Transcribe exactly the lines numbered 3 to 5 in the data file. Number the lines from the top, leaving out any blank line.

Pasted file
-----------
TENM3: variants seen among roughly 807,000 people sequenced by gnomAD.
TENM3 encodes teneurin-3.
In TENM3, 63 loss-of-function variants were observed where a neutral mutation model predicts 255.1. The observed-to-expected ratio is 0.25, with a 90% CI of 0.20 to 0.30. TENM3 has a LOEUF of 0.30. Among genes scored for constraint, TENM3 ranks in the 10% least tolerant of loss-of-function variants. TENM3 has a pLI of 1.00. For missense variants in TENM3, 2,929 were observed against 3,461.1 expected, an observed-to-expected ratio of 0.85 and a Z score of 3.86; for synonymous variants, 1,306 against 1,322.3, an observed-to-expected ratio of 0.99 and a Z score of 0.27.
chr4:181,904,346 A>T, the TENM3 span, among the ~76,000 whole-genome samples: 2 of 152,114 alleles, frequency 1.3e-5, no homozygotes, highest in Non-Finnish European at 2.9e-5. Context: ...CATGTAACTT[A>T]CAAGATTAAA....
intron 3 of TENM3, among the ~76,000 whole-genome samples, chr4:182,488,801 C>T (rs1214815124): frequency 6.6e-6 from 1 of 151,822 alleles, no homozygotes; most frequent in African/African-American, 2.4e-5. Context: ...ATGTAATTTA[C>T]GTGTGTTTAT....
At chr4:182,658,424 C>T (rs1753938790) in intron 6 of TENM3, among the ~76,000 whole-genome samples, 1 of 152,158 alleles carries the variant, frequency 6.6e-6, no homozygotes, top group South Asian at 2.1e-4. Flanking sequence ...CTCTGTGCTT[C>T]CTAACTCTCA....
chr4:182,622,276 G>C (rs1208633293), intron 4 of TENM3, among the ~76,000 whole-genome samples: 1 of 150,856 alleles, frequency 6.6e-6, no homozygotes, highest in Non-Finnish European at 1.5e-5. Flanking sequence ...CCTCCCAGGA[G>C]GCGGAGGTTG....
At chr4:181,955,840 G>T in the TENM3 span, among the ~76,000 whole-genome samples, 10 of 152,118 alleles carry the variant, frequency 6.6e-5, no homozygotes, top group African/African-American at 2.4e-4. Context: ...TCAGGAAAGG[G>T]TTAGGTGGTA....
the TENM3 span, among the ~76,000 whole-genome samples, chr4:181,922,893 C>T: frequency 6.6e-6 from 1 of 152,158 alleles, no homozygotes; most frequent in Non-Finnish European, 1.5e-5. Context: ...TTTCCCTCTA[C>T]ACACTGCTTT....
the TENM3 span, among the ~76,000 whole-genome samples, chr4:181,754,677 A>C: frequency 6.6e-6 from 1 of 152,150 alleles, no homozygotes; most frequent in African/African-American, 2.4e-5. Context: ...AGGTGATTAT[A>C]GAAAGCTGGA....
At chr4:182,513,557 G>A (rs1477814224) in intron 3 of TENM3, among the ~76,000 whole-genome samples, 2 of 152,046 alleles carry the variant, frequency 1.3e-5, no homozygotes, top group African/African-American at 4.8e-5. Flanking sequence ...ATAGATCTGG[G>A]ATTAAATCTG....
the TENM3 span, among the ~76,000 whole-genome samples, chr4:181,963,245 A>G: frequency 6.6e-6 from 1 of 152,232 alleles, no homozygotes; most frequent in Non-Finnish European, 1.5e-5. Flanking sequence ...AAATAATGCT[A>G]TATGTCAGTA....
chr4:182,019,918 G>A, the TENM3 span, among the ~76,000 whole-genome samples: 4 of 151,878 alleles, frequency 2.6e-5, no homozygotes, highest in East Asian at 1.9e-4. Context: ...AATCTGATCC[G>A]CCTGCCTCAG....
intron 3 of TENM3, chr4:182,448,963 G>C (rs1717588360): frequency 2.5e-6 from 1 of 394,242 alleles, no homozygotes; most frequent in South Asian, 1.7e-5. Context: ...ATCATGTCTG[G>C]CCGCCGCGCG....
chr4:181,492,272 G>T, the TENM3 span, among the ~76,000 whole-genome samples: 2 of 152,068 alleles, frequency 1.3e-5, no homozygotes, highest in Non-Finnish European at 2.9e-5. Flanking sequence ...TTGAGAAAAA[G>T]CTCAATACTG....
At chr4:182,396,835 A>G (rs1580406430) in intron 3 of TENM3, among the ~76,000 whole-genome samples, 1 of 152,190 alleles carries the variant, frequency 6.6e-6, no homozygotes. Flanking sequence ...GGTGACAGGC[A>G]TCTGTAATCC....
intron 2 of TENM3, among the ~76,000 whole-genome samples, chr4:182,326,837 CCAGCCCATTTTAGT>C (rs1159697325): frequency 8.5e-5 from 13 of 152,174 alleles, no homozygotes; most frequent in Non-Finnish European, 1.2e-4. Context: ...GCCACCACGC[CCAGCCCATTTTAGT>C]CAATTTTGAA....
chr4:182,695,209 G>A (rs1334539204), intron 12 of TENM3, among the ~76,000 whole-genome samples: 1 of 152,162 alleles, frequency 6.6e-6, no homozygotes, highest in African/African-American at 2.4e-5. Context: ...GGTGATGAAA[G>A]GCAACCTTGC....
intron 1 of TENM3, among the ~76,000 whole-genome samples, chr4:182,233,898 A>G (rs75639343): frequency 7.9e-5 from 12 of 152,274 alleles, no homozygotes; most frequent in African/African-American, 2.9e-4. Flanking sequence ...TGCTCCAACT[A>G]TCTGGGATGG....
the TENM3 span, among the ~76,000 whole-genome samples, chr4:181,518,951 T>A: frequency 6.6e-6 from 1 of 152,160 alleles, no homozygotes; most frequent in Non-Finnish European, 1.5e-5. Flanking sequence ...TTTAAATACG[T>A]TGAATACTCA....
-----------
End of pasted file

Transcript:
In TENM3, 63 loss-of-function variants were observed where a neutral mutation model predicts 255.1. The observed-to-expected ratio is 0.25, with a 90% CI of 0.20 to 0.30. TENM3 has a LOEUF of 0.30. Among genes scored for constraint, TENM3 ranks in the 10% least tolerant of loss-of-function variants. TENM3 has a pLI of 1.00. For missense variants in TENM3, 2,929 were observed against 3,461.1 expected, an observed-to-expected ratio of 0.85 and a Z score of 3.86; for synonymous variants, 1,306 against 1,322.3, an observed-to-expected ratio of 0.99 and a Z score of 0.27.
chr4:181,904,346 A>T, the TENM3 span, among the ~76,000 whole-genome samples: 2 of 152,114 alleles, frequency 1.3e-5, no homozygotes, highest in Non-Finnish European at 2.9e-5. Context: ...CATGTAACTT[A>T]CAAGATTAAA....
intron 3 of TENM3, among the ~76,000 whole-genome samples, chr4:182,488,801 C>T (rs1214815124): frequency 6.6e-6 from 1 of 151,822 alleles, no homozygotes; most frequent in African/African-American, 2.4e-5. Context: ...ATGTAATTTA[C>T]GTGTGTTTAT....